BANGKOK, 13 July 2017 (NNT): The International Civil Aviation Organisation (ICAO) has acknowledged Thailand’s attempts to address red-flag security issues according to Transport Minister Arkhom Termpittayapaisith, the National News bureau of Thailand reported earlier this week.
The long-term objective is to develop the country as a major regional aviation hub.
He said an ICAO Asia-Pacific delegation acknowledged a progress report presented by Thai officials that addresses aviation security concerns raised by ICAO red flags.
The ICAO Asia-Pacific delegates praised the Aeronautical Radio of Thailand, which has been selected by the ICAO Asia-Pacific office to assume the chair of an air-traffic working committee.
Thailand has been on the red-flag list since June 2015 when ICAO notified Thailand’s Department of Civil Aviation (now defunct) that its supervision of the industry was substandard.
Nepal was the only other country red flagged by ICAO in the Asia Pacific region at the time.
ICAO revaluation and inspection focuses on 33 key areas of Thailand’s aviation industry according to the Ministry of Transport.
A United Nations’ agency representing 190 country members, ICAO red flagged Thailand for “significant safety concern” following an unsatisfactory auditing of the country’s aviation safety inspection standards.
ICAO pointed out “significant safety concerns (SSC)… that indicated that the state was “not providing sufficient safety oversight to ensure the effective implementation of applicable ICAO standards.”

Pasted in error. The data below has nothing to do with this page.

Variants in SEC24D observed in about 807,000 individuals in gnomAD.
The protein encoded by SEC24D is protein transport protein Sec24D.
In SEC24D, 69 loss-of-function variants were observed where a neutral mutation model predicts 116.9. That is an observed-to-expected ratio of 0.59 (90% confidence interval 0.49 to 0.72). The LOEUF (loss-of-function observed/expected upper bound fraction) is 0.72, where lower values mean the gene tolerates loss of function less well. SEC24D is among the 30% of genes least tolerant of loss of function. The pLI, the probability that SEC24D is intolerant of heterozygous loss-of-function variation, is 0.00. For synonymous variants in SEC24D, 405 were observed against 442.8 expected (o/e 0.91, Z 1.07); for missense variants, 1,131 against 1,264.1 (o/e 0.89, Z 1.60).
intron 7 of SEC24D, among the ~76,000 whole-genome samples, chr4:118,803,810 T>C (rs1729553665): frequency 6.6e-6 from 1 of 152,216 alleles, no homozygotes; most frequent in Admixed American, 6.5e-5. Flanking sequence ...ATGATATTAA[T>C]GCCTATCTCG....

With the possibility that the red flags will be lifted this year, the minister talks confidently of reasserting the country role as a regional aviation hub through the expansion of three airports in central Thailand; Bangkok’s Suvarnabhumi airport and Don Mueang airport and U-Tapao airport on the eastern seaboard, 30 km south of Pattaya.
A fast-speed railway network will link the three airports to transport passengers and cargo. However, it could take another 12 years to complete the rail links and by 2030 international passenger traffic to Thailand will have peaked at 220 million trips.
Both Suvarnabhumi and Don Mueang airport even with the completion of expansion projects will not be able to keep pace with growth. U-Tapao is slated as the third gateway in the triangle, but talks on turning into a major aviation hub have been on and off since the 1990s.
While the plan to turn the three airports into a transport triangle dominates the headlines, travellers would benefit more if the ministry focused on secondary airports across the country to encourage more airlines to offer direct services from major cities in Asia.